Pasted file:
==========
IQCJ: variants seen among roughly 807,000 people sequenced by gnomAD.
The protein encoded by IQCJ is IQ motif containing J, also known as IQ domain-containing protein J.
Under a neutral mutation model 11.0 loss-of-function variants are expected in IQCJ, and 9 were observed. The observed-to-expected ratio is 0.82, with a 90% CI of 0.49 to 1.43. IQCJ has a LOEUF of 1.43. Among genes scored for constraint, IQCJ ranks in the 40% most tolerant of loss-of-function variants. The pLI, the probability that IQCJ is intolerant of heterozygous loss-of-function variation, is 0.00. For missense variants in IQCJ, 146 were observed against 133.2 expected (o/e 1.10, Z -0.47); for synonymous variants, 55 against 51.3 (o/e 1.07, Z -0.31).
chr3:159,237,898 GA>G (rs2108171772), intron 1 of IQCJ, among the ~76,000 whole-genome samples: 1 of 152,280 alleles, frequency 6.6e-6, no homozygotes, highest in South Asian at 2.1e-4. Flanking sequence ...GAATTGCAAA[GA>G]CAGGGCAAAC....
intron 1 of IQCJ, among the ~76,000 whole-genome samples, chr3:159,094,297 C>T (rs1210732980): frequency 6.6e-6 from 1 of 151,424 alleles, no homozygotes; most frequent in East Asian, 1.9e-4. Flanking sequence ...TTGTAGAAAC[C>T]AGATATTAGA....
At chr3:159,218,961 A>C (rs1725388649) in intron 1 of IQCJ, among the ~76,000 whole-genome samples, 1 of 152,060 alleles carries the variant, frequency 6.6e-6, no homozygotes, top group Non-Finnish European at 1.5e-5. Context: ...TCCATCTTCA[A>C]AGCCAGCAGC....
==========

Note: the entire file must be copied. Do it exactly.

IQCJ: variants seen among roughly 807,000 people sequenced by gnomAD.
The protein encoded by IQCJ is IQ motif containing J, also known as IQ domain-containing protein J.
Under a neutral mutation model 11.0 loss-of-function variants are expected in IQCJ, and 9 were observed. The observed-to-expected ratio is 0.82, with a 90% CI of 0.49 to 1.43. IQCJ has a LOEUF of 1.43. Among genes scored for constraint, IQCJ ranks in the 40% most tolerant of loss-of-function variants. The pLI, the probability that IQCJ is intolerant of heterozygous loss-of-function variation, is 0.00. For missense variants in IQCJ, 146 were observed against 133.2 expected (o/e 1.10, Z -0.47); for synonymous variants, 55 against 51.3 (o/e 1.07, Z -0.31).
chr3:159,237,898 GA>G (rs2108171772), intron 1 of IQCJ, among the ~76,000 whole-genome samples: 1 of 152,280 alleles, frequency 6.6e-6, no homozygotes, highest in South Asian at 2.1e-4. Flanking sequence ...GAATTGCAAA[GA>G]CAGGGCAAAC....
intron 1 of IQCJ, among the ~76,000 whole-genome samples, chr3:159,094,297 C>T (rs1210732980): frequency 6.6e-6 from 1 of 151,424 alleles, no homozygotes; most frequent in East Asian, 1.9e-4. Flanking sequence ...TTGTAGAAAC[C>T]AGATATTAGA....
At chr3:159,218,961 A>C (rs1725388649) in intron 1 of IQCJ, among the ~76,000 whole-genome samples, 1 of 152,060 alleles carries the variant, frequency 6.6e-6, no homozygotes, top group Non-Finnish European at 1.5e-5. Context: ...TCCATCTTCA[A>C]AGCCAGCAGC....